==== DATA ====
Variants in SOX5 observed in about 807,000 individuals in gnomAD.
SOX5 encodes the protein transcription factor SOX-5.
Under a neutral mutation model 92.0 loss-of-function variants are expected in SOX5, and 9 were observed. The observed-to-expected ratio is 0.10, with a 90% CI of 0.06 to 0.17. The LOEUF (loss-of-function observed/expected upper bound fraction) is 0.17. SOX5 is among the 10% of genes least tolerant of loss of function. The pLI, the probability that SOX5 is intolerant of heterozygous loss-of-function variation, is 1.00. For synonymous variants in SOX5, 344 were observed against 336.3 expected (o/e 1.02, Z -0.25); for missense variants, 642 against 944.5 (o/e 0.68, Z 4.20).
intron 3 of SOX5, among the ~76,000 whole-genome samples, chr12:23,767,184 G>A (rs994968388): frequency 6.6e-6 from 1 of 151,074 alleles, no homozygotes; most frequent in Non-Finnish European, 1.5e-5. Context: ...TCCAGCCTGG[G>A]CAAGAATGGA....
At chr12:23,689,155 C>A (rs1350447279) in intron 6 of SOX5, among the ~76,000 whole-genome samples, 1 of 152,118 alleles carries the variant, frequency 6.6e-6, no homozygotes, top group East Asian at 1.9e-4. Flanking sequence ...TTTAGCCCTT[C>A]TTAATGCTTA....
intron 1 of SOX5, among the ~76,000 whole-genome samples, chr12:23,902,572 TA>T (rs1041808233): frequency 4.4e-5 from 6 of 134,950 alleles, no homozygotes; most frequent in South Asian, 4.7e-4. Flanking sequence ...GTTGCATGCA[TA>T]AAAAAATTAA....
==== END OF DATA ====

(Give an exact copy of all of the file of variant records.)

Variants in SOX5 observed in about 807,000 individuals in gnomAD.
SOX5 encodes the protein transcription factor SOX-5.
Under a neutral mutation model 92.0 loss-of-function variants are expected in SOX5, and 9 were observed. The observed-to-expected ratio is 0.10, with a 90% CI of 0.06 to 0.17. The LOEUF (loss-of-function observed/expected upper bound fraction) is 0.17. SOX5 is among the 10% of genes least tolerant of loss of function. The pLI, the probability that SOX5 is intolerant of heterozygous loss-of-function variation, is 1.00. For synonymous variants in SOX5, 344 were observed against 336.3 expected (o/e 1.02, Z -0.25); for missense variants, 642 against 944.5 (o/e 0.68, Z 4.20).
intron 3 of SOX5, among the ~76,000 whole-genome samples, chr12:23,767,184 G>A (rs994968388): frequency 6.6e-6 from 1 of 151,074 alleles, no homozygotes; most frequent in Non-Finnish European, 1.5e-5. Context: ...TCCAGCCTGG[G>A]CAAGAATGGA....
At chr12:23,689,155 C>A (rs1350447279) in intron 6 of SOX5, among the ~76,000 whole-genome samples, 1 of 152,118 alleles carries the variant, frequency 6.6e-6, no homozygotes, top group East Asian at 1.9e-4. Flanking sequence ...TTTAGCCCTT[C>A]TTAATGCTTA....
intron 1 of SOX5, among the ~76,000 whole-genome samples, chr12:23,902,572 TA>T (rs1041808233): frequency 4.4e-5 from 6 of 134,950 alleles, no homozygotes; most frequent in South Asian, 4.7e-4. Flanking sequence ...GTTGCATGCA[TA>T]AAAAAATTAA....